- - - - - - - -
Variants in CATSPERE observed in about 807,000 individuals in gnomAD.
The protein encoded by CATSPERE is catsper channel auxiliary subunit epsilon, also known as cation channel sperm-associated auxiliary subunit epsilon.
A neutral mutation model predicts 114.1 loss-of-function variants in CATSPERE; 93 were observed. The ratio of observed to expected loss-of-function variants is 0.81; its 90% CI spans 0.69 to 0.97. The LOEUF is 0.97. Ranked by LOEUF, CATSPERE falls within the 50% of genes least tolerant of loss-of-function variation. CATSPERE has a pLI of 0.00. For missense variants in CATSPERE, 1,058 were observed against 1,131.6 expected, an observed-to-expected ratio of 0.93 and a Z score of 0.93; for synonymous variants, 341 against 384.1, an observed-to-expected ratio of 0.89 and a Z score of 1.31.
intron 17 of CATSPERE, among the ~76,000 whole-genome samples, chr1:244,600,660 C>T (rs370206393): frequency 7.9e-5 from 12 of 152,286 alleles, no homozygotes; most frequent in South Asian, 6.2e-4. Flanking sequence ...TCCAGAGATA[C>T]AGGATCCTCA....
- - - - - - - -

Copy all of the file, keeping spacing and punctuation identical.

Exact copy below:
Variants in CATSPERE observed in about 807,000 individuals in gnomAD.
The protein encoded by CATSPERE is catsper channel auxiliary subunit epsilon, also known as cation channel sperm-associated auxiliary subunit epsilon.
A neutral mutation model predicts 114.1 loss-of-function variants in CATSPERE; 93 were observed. The ratio of observed to expected loss-of-function variants is 0.81; its 90% CI spans 0.69 to 0.97. The LOEUF is 0.97. Ranked by LOEUF, CATSPERE falls within the 50% of genes least tolerant of loss-of-function variation. CATSPERE has a pLI of 0.00. For missense variants in CATSPERE, 1,058 were observed against 1,131.6 expected, an observed-to-expected ratio of 0.93 and a Z score of 0.93; for synonymous variants, 341 against 384.1, an observed-to-expected ratio of 0.89 and a Z score of 1.31.
intron 17 of CATSPERE, among the ~76,000 whole-genome samples, chr1:244,600,660 C>T (rs370206393): frequency 7.9e-5 from 12 of 152,286 alleles, no homozygotes; most frequent in South Asian, 6.2e-4. Flanking sequence ...TCCAGAGATA[C>T]AGGATCCTCA....